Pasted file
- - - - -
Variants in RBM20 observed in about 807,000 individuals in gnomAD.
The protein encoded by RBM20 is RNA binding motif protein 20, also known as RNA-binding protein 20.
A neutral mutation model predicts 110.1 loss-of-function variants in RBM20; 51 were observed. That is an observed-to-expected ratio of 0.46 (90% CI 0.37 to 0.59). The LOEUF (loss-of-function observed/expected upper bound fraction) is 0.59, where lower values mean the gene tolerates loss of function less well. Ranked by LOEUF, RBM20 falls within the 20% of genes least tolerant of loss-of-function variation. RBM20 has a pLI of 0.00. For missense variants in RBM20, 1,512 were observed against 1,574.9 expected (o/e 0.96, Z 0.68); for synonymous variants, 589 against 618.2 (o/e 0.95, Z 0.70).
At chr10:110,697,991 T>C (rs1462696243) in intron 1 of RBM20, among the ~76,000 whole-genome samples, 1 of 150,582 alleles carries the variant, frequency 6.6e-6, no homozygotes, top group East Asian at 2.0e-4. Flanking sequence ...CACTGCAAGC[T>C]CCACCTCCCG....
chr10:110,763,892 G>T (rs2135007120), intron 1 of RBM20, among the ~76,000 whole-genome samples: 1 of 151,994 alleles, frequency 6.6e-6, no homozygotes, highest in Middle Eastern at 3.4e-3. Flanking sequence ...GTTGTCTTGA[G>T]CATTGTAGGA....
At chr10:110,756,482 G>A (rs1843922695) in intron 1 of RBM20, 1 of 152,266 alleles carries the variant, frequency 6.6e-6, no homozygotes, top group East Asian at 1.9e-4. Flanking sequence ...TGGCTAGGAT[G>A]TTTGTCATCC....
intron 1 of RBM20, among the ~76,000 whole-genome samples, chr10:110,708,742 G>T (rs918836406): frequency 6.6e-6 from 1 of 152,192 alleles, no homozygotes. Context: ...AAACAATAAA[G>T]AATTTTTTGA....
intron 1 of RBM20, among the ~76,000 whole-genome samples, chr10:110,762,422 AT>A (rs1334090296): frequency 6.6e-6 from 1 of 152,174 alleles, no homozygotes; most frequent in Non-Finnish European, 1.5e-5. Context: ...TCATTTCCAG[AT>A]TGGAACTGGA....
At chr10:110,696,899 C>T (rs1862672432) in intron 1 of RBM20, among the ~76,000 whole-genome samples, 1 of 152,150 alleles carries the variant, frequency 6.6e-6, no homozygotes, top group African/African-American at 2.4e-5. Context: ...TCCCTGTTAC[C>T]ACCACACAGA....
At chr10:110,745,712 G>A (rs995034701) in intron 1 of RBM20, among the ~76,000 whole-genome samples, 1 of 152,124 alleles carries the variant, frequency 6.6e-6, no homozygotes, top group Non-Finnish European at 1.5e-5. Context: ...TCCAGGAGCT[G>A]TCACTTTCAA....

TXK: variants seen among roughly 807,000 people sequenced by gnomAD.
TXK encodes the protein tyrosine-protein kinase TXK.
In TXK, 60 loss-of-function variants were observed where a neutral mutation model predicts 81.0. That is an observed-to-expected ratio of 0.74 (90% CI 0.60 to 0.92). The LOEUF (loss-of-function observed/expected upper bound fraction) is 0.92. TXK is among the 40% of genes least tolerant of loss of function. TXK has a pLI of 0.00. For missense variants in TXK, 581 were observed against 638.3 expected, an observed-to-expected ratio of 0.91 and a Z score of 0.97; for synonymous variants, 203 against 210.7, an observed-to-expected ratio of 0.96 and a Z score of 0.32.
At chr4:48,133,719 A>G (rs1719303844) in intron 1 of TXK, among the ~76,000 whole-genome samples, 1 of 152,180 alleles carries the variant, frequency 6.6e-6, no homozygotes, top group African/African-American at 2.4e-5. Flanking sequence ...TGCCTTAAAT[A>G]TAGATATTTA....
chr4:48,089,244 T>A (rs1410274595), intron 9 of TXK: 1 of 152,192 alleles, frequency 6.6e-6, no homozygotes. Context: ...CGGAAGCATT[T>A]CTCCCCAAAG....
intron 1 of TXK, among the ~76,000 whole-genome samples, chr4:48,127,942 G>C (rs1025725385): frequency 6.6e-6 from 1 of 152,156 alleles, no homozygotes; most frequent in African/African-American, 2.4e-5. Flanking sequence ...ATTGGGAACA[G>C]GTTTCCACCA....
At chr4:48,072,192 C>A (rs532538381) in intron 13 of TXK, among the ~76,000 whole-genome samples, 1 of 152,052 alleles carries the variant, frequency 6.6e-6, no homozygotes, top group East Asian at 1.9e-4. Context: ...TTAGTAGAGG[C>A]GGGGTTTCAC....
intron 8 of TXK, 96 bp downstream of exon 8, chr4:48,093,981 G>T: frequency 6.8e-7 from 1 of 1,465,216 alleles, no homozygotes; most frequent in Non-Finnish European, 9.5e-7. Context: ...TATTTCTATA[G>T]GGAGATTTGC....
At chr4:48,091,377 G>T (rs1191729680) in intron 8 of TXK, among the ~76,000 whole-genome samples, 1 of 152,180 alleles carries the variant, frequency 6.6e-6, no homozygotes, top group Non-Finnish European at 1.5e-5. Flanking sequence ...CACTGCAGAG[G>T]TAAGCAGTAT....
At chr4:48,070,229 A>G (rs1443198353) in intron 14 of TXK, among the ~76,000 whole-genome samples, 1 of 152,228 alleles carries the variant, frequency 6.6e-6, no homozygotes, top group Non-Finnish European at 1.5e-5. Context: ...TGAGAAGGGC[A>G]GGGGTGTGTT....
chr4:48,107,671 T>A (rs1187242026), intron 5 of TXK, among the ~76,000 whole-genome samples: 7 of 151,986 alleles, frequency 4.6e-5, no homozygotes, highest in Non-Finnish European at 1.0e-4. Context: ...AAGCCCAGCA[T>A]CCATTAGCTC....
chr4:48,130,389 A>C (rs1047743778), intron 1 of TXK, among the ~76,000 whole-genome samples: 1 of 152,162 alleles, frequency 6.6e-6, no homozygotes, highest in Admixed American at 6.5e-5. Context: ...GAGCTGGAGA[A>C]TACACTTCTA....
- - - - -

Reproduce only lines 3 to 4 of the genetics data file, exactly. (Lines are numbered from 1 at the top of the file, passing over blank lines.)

A neutral mutation model predicts 110.1 loss-of-function variants in RBM20; 51 were observed. That is an observed-to-expected ratio of 0.46 (90% CI 0.37 to 0.59). The LOEUF (loss-of-function observed/expected upper bound fraction) is 0.59, where lower values mean the gene tolerates loss of function less well. Ranked by LOEUF, RBM20 falls within the 20% of genes least tolerant of loss-of-function variation. RBM20 has a pLI of 0.00. For missense variants in RBM20, 1,512 were observed against 1,574.9 expected (o/e 0.96, Z 0.68); for synonymous variants, 589 against 618.2 (o/e 0.95, Z 0.70).
At chr10:110,697,991 T>C (rs1462696243) in intron 1 of RBM20, among the ~76,000 whole-genome samples, 1 of 150,582 alleles carries the variant, frequency 6.6e-6, no homozygotes, top group East Asian at 2.0e-4. Flanking sequence ...CACTGCAAGC[T>C]CCACCTCCCG....